Solving the Mystery of the Deaths of Historical Figures

by MSO
Stonewall Jackson, Christopher Columbus, Florence Nightingale, King Herod, Charles Darwin, Edgar Allan Poe and Vladimir Lenin all died without a definite cause of death. The University of Maryland provides a cause of death.

The University of Maryland School of Medicine hosts Historical Clinicopathological Conferences each year to find out the cause of death of famous people in history.

Thomas Jonathan “Stonewall” Jackson was a Confederate General during the American Civil War. He died, at the age of 39, on May 10, 1863 after being shot in the arm and hand with three bullets fired by one of his soldiers. He was a healthy man, didn’t smoke or drink, never had any serious problems with his health and was recovering nicely from his wounds. So why did he die?

Many medical facilities usually hold Clinicopathological Conferences or CPCs where the history of a patient’s illness is presented and discussed by a variety of medical experts. CPCs can be used as to diagnose an unusual illness, to find alternate treatment options and they are used as a teaching tool for medical students. These CPCs are usually held by medical colleges throughout the year.

The University of Maryland School of Medicine, Baltimore VA Medical Center and Medical Alumni Association have been hosting rather unusual CPCs since 1995 and have held annual conferences which are called “The Historical CPC”. Though the medical center holds conferences every week to discuss modern medical cases, once a year experts in a variety of medical fields along with historians attempt to figure out how historical figures, whose cause of death is in question or unknown, have died. With the help of journals, books, newspapers, historical accounts and more a history of the person is researched from what they ate and drank to what he or she was engaged in doing prior to death. Every little fact, however innocuous it may seem, can be a factor in deciding the outcome.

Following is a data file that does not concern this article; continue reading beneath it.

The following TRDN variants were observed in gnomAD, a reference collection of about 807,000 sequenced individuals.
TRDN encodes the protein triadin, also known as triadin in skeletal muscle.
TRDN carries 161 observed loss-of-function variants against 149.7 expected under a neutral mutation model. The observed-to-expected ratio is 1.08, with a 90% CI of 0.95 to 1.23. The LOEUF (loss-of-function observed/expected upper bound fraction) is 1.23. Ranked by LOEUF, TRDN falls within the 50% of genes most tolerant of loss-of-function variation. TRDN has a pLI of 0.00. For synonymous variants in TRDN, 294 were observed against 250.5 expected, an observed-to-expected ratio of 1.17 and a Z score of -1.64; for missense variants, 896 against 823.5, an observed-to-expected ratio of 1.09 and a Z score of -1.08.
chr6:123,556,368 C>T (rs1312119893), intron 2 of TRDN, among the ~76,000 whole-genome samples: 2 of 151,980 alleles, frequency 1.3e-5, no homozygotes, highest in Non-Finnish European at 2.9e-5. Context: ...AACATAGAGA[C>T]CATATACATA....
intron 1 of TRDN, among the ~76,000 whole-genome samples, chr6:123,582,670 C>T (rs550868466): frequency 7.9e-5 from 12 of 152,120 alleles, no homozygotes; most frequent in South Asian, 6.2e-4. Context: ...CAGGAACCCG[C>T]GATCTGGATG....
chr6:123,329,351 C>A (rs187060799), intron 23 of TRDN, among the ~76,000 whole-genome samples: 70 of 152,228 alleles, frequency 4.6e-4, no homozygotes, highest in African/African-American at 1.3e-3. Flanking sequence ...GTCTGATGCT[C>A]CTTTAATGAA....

In past years the conference has found that Vladimir Lenin, who was said to have died of a stroke at age 52, probably died due to accelerated cerebral atherosclerosis (a build up of plaque in the brain). Charles Darwin was diagnosed as having cyclic vomiting syndrome instead of angina which was recorded as the original cause of his death in 1882. Christopher Columbus died of HLA-B27-related reactive arthritis not gout as was believed. Florence Nightingale whose death at age 90 was deemed from old age actually died of bipolar disorder I, with psychotic features. King Herod whom history says died of a mysterious disease actually died of uremia (kidney failure) complicated by Fournier gangrene. Edgar Allen Poe whose cause of death was unknown is believed to have died from either rabies or delirium tremens.

This year’s conference focussed on the death of General Jackson. Historians were long divided on the reason he died. Jackson’s own doctor said he died from pneumonia while others believed it was an infection. Dr. Joseph DuBose, a professor of surgery at the University of Maryland headed up this year’s conference. They delved into his past – looking at how his parents and siblings died, childhood illnesses, what type of meals he ate and at all the medical evidence surrounding his death before concluding that Stonewall Jackson died of pneumonia.

You can read all the cases the Historical CPC has reviewed on their website here. Each one is a fascinating look into the past with medical and historical facts presented in easy to understand language, mini biographies of the experts who examined the case are included along with reasons for their diagnosis of the cause of death.

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